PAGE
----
Your SlideShare is downloading. ×
0
Textbook evaluation
Textbook evaluation
Textbook evaluation
Textbook evaluation
Textbook evaluation
Textbook evaluation
Textbook evaluation
Textbook evaluation
Textbook evaluation
Textbook evaluation
Textbook evaluation
Textbook evaluation
Textbook evaluation
Textbook evaluation
Upcoming SlideShare
Loading in...5
×

Thanks for flagging this SlideShare!

Oops! An error has occurred.

×
Saving this for later? Get the SlideShare app to save on your phone or tablet. Read anywhere, anytime – even offline.
Text the download link to your phone
Standard text messaging rates apply

Textbook evaluation

9,378

Published on

Published in: Education
1 Comment
3 Likes
Statistics
Notes
  • well done! thank you!
       Reply 
    Are you sure you want to  Yes  No
    Your message goes here
No Downloads
Views
Total Views
9,378
On Slideshare
0
From Embeds
0
Number of Embeds
1
Actions
Shares
0
Downloads
508
Comments
1
Likes
3
Embeds 0
No embeds

Report content
Flagged as inappropriate Flag as inappropriate
Flag as inappropriate

Select your reason for flagging this presentation as inappropriate.

Cancel
No notes for slide

Transcript

  • 1. Evaluating textbooks and materials By Porntip Bodeepongse
  • 2. Role and purpose of a course book in the past <ul><li>As the curriculum instead of a reference </li></ul><ul><li>As an end product, not a starting </li></ul><ul><li>point </li></ul><ul><li>**It should be a route map for a </li></ul><ul><li>course. </li></ul>
  • 3. Cunningworth (1995:7) <ul><li>states the roles of coursebooks in ELT as: </li></ul><ul><li>a resource for presentation material </li></ul><ul><li>a source of activities for learner practice and communicative interaction </li></ul><ul><li>a reference source </li></ul><ul><li>a syllabus </li></ul><ul><li>a resource for self-access work </li></ul><ul><li>a support for less experienced teachers </li></ul>
  • 4. 3 options for teachers (Ansary & Babari, 2002) <ul><li>Teachers need and use textbooks. </li></ul><ul><li>Teachers do not need and use textbooks. They produce their own materials. </li></ul><ul><li>Teachers select a textbook and supplement some other materials to perfect it. </li></ul>
  • 5. Why teachers use textbooks: <ul><li>Extremely difficult to develop materials </li></ul><ul><li>Time-consuming and demanding process to develop new materials </li></ul><ul><li>Teachers have limited time. </li></ul><ul><li>Textbooks lessen preparation time, provide ready-made activities and provide concrete samples of classroom progress through which external stakeholders can be satisfied. </li></ul>
  • 6. Arguments for using textbooks <ul><li>Framework that regulates and times the program </li></ul><ul><li>For Ss, no textbook = no purpose and learning is not taken seriously </li></ul><ul><li>A textbook can serve as a syllabus. </li></ul><ul><li>Provides ready-made teaching texts and learning tasks </li></ul><ul><li>Without a book= out of focus & Ts-dependent </li></ul><ul><li>Security, guidance and support </li></ul>
  • 7. Problems <ul><li>Teachers are not properly trained on how to choose, adapt, evaluate and use their coursebooks. </li></ul><ul><li>Curricula has not met with the practical needs in the classroom. </li></ul><ul><li>Students have little or no role or involvement in book selection process. </li></ul>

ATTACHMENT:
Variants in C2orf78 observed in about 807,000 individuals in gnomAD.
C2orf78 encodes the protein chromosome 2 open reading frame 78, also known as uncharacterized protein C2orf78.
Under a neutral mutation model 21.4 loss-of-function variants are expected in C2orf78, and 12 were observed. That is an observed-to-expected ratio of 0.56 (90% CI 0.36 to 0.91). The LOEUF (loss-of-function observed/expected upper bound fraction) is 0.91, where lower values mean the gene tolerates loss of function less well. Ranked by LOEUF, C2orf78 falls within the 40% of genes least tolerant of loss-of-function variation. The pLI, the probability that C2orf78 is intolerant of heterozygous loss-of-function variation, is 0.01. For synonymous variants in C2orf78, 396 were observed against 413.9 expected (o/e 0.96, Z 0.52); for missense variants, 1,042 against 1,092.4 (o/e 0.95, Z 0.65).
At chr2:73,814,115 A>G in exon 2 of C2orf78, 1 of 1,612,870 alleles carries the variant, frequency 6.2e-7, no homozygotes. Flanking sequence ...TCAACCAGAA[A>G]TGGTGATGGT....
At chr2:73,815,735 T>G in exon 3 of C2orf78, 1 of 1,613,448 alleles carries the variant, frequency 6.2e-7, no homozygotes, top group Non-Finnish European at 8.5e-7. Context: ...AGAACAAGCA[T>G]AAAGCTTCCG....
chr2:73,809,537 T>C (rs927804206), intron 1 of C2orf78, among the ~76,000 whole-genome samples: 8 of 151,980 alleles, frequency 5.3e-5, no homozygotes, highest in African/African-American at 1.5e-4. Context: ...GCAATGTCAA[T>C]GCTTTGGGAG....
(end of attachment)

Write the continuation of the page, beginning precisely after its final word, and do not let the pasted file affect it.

• 8. Cunningworth (1984:6) <ul><li>“ No course book will totally be suited to a particular teaching situation. The teacher will have to find his own way of using it and adapting it if necessary. So we should not be looking for the perfect course book which meets all our requirements, but rather for the best possible fit what the book offers and what we as teachers and students need.” </li></ul>
  • 9. Things to take into consideration: <ul><li>objectives, goals, methods and approaches of the language program </li></ul><ul><li>teachers’ background </li></ul><ul><li>teaching styles </li></ul><ul><li>students’ needs </li></ul><ul><li>students’ learning preferences/ styles </li></ul>
  • 10. Method of evaluation <ul><li>Hartley (1994:163) addresses 3 content areas to be checked: </li></ul><ul><ul><li>Does the book meet the teaching objectives? </li></ul></ul><ul><ul><li>Is there sufficient depth and breadth of material? </li></ul></ul><ul><ul><li>Will it need to be supplemented? </li></ul></ul>
  • 11. Using a checklist <ul><li>Factors to be considered: </li></ul><ul><li>(Garinger, 2001.“Textbook Evaluation”. TEFL Web Journal.) </li></ul><ul><li>Practical considerations </li></ul><ul><ul><li>Availability and value </li></ul></ul><ul><ul><li>Layout/ physical characteristics </li></ul></ul><ul><ul><li>Cultural component </li></ul></ul>
  • 12. Using a checklist (cont.) <ul><li>Language related considerations </li></ul><ul><ul><li>Skills </li></ul></ul><ul><ul><li>Language </li></ul></ul><ul><ul><li>Exercises </li></ul></ul><ul><ul><li>User definition </li></ul></ul>
  • 13. Sheldon’s criteria <ul><ul><li>Rationale </li></ul></ul><ul><ul><li>Availability </li></ul></ul><ul><ul><li>User definition </li></ul></ul><ul><ul><li>Layout/ graphic </li></ul></ul><ul><ul><li>Accessibility </li></ul></ul><ul><ul><li>Linkage </li></ul></ul><ul><ul><li>Selection/grading </li></ul></ul><ul><ul><li>Physical characteristics </li></ul></ul>
  • 14. Sheldon’s criteria (1988) <ul><ul><li>appropriacy </li></ul></ul><ul><ul><li>Authenticity </li></ul></ul><ul><ul><li>Sufficiency </li></ul></ul><ul><ul><li>Cultural bias </li></ul></ul><ul><ul><li>Educational validity </li></ul></ul><ul><ul><li>Stimulus/ practice/ revision </li></ul></ul><ul><ul><li>Flexibility </li></ul></ul><ul><ul><li>Guidance </li></ul></ul><ul><ul><li>Overall value for money </li></ul></ul>

×